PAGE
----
Easy to use and to understand

Reduces the environmental impact of product designs

Communicates effectively through reports and graphic display

SolidWorks

SustainabilityXpress
1
is available to EVERY
SolidWorks

user at no cost

Why
SolidWorks

Sustainability in the classroom?





Available on
SolidWorks

Labs for
SolidWorks

2009
http://labs.solidworks.com

Process

Set
Baseline

Modify
Inputs

Modify
Design

Find
Similar
Materials

SolidWorks Sustainability Methodology



Input

Material

Manufacturing
Process

Manufacturing
Region

Transportation &
Use

Output

Carbon

Energy

Air

Water

Dashboard

Report

Input Material Class and Material Name

Material Class and Name Hierarchy



Material

Class

Material Name

Material

Class:
Plastics


Steel

Plastics

ABS PC

Acrylonitrile

Butadiene Styrene
Polycarbonate

Iron

Other
Metals


Acrylic






Aluminum
Alloys

Other non
-
metals

Delrin
®

2700
NC010


Polyoxymethylene

(POM,
polyacetal

or
polyformaldehyde
) mfg by
Dupont



Copper
Alloys

Generic
Glass Fibers

Nylon 101






Titanium

Alloys

Carbon
Fibers

PE High
Density


Polyethylene



Zinc Alloys

Silicons

PVC Rigid


Polyvinyl

Chloride



Other

Alloys

Woods

And many more



Input Manufacturing Process

Available manufacturing depends on material class


Class:

Aluminum Alloys



Class: Plastics



Manufacturing Process

Die Casted

Sand Casted

Manufacturing Process

Injection

Molded

Extrusion

Stamped/
Formed Sheet
Metal

Extrusion

Forged

Machined Sand
Casted

Milled

Turned

Input Manufacturing Region

Each region produces energy by
different method combinations. Impact
of a kWh is different for each region.
Example methods include:

Fossil Fuels

Nuclear

Hydro
-
electric

Determines the resources consumed by
manufacturing processes in that region

Region Choices

Asia

Europe

North America

Japan


Input Transportation and Use Region

Determines the energy sources
consumed during the product’s use
phase (if applicable) and the
destination for the product at its end
-
of
-
life.

Asia

Europe

North America

Japan

Estimates the environmental impacts
associated with transporting the
product from its manufacturing
location to its use location.


SolidWorks

Calculates Environmental Impact

Parameters

Carbon
Footprint

Air
Acidification

Water
Eutrophication

Energy
Consumed

Factor Percentage

Material

Manufacturing

Use Regions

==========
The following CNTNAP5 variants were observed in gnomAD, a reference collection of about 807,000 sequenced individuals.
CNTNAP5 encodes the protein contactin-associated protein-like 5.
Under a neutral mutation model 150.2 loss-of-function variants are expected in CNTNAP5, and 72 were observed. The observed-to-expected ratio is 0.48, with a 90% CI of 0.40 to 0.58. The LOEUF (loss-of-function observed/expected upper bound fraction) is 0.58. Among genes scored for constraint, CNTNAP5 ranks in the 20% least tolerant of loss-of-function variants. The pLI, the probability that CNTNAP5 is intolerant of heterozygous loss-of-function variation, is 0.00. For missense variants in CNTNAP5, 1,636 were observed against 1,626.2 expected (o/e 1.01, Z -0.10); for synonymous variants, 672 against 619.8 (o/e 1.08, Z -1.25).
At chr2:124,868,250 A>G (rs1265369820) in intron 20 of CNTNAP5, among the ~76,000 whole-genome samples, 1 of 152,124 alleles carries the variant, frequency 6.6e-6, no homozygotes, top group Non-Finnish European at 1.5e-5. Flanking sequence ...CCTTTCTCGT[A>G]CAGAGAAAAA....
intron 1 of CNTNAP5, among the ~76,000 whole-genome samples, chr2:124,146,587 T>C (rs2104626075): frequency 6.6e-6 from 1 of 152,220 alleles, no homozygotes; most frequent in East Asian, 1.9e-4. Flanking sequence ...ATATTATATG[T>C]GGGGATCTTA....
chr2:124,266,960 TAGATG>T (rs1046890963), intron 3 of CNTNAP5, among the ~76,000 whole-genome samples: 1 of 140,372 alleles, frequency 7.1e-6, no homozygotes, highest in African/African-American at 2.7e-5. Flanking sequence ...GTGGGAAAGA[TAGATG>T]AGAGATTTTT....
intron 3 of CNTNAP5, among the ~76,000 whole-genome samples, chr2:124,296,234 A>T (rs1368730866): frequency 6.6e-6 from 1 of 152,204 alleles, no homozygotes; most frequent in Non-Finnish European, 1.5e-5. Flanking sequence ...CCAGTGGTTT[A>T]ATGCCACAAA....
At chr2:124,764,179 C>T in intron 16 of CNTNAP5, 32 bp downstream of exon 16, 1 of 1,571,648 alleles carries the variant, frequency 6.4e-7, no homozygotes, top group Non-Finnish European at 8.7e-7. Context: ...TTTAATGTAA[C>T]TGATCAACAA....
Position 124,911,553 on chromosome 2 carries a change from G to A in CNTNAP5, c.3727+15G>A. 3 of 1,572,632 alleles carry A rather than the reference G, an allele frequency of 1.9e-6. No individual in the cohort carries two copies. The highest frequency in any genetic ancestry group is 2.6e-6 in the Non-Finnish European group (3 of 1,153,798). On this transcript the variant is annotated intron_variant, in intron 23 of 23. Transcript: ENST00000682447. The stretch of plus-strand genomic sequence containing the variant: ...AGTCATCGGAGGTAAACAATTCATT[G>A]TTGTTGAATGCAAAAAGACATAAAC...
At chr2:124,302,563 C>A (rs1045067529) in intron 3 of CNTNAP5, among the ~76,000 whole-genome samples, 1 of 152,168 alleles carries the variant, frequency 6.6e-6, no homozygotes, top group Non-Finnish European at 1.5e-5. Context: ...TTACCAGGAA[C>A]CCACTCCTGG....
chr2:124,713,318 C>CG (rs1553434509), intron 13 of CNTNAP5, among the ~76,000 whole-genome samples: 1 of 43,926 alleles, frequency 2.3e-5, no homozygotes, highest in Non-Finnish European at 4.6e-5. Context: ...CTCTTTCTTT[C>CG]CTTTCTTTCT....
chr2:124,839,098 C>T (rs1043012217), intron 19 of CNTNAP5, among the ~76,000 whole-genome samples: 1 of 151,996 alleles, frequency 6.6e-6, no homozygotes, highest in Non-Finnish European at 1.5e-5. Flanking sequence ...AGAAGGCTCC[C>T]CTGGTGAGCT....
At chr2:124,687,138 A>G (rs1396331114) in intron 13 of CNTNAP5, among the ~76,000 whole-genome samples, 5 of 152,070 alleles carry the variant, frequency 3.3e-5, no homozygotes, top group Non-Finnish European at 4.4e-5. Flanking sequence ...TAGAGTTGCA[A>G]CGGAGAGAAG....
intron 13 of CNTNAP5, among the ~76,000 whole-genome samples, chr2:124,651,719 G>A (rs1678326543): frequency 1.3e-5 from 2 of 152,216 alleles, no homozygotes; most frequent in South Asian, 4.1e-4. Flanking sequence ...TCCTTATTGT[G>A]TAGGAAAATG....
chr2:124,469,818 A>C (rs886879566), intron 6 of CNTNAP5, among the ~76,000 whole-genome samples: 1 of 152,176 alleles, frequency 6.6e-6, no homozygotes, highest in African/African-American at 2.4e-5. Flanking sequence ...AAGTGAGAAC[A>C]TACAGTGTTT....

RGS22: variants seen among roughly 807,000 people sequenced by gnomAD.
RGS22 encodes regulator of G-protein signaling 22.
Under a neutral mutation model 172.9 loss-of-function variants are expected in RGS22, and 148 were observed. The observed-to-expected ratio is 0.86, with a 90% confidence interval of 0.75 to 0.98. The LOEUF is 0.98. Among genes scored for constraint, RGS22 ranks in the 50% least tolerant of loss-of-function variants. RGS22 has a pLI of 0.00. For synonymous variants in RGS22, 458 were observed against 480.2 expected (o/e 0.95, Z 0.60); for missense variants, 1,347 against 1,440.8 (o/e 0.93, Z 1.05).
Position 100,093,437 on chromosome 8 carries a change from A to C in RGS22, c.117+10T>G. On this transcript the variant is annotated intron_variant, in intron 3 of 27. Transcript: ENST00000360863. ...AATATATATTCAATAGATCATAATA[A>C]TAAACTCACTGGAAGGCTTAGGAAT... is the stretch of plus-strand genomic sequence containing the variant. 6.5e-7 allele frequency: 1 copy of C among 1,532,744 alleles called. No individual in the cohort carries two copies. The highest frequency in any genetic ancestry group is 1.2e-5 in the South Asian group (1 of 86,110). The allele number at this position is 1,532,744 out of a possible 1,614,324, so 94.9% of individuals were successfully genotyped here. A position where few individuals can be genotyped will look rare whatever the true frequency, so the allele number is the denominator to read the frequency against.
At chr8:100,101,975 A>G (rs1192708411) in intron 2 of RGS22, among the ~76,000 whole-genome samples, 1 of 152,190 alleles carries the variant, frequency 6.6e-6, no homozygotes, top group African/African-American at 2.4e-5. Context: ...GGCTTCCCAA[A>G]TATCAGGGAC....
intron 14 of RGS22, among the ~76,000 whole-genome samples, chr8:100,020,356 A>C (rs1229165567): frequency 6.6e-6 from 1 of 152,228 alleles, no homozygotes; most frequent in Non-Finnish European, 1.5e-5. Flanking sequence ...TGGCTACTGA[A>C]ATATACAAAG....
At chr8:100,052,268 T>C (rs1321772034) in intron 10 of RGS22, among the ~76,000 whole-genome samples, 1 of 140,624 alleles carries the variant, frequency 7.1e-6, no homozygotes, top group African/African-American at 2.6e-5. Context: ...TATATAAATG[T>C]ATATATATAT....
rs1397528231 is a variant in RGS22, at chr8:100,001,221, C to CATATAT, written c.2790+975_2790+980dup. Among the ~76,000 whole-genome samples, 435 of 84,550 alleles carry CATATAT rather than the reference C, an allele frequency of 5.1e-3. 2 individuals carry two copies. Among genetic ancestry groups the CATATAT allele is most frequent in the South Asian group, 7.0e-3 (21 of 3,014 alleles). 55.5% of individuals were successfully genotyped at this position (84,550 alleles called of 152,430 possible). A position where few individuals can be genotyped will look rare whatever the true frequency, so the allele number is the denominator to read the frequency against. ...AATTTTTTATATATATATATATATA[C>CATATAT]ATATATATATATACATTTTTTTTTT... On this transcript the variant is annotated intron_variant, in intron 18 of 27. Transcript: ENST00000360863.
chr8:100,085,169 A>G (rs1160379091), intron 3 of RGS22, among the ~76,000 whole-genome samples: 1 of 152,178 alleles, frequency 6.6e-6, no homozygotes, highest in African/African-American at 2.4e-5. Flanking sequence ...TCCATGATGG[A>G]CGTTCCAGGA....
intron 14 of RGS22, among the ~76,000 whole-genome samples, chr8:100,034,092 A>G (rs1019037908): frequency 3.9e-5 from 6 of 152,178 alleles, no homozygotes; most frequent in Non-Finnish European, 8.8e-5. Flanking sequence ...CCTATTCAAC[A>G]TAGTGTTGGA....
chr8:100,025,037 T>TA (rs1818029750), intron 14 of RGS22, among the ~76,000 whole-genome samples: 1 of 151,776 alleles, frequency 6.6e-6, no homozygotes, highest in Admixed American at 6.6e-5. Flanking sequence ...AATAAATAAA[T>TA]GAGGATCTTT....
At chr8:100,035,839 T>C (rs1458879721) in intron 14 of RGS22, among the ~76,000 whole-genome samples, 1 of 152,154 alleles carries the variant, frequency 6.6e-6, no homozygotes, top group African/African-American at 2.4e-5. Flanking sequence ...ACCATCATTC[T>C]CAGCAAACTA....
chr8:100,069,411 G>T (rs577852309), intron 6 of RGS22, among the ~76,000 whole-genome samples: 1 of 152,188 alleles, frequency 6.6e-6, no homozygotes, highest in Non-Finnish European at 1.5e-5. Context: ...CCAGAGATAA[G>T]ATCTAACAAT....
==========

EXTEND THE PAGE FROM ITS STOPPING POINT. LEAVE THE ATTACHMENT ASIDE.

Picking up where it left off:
End of Life

Set Baseline

Find Similar Materials based on Material Properties

Thermal Expansion

Specific Heat

Density

Elastic Modulus

Shear Modulus

Thermal Conductivity

Poisson’s Ratio

Tensile Strength

Yield Strength

Definitions of Material Properties

Thermal Expansion
-

the change in length per unit length per one degree change in temperature (change in normal
strain per unit temperature) (K)


Specific Heat
-

quantity of heat needed to raise the temperature of a unit mass of the material by one degree of
temperature. (J/kg K)


Density

-

Mass per unit volume. (kg/m
3

)


Elastic Modulus
(Young’s Modulus)
-

ratio between the stress and the associated strain in a specified direction
(N/m
2
)


Shear Modulus
(Modulus of Rigidity)
-

the ratio between the shearing stress in a plane divided by the associated
shearing strain (N/m
2
)


Thermal Conductivity
-

rate of heat transfer through a unit thickness of the material per unit temperature difference.
(W/m K)


Poisson’s Ratio
-

ratio between the contraction (traverse strain), normal to the applied load to the extension (axial
strain), in the direction of the applied load. Poisson’s ratio is a dimensionless quantity.


Tensile Strength

the maximum amount of tensile stress that a material can be subjected to before failure (N/m
2
)


Yield Strength


Stress at which the material becomes permanently deformed (N/m
2
)


Sustainable Report

SolidWorks Sustainability
-

Online Calculator

Converts environmental impacts into human scale parameters

Example: Carbon Footprint converted into miles driven in a car

Why
SolidWorks

Sustainability in the classroom?

Students

need

to learn, understand, improve, and
communicate the environmental impact of their
design

Educators

can

provide insights on how choices in
material and manufacturing processes affect the
environment.

Instruction

combines

design and technology
with the social, environmental, and economic
conditions





THANK YOU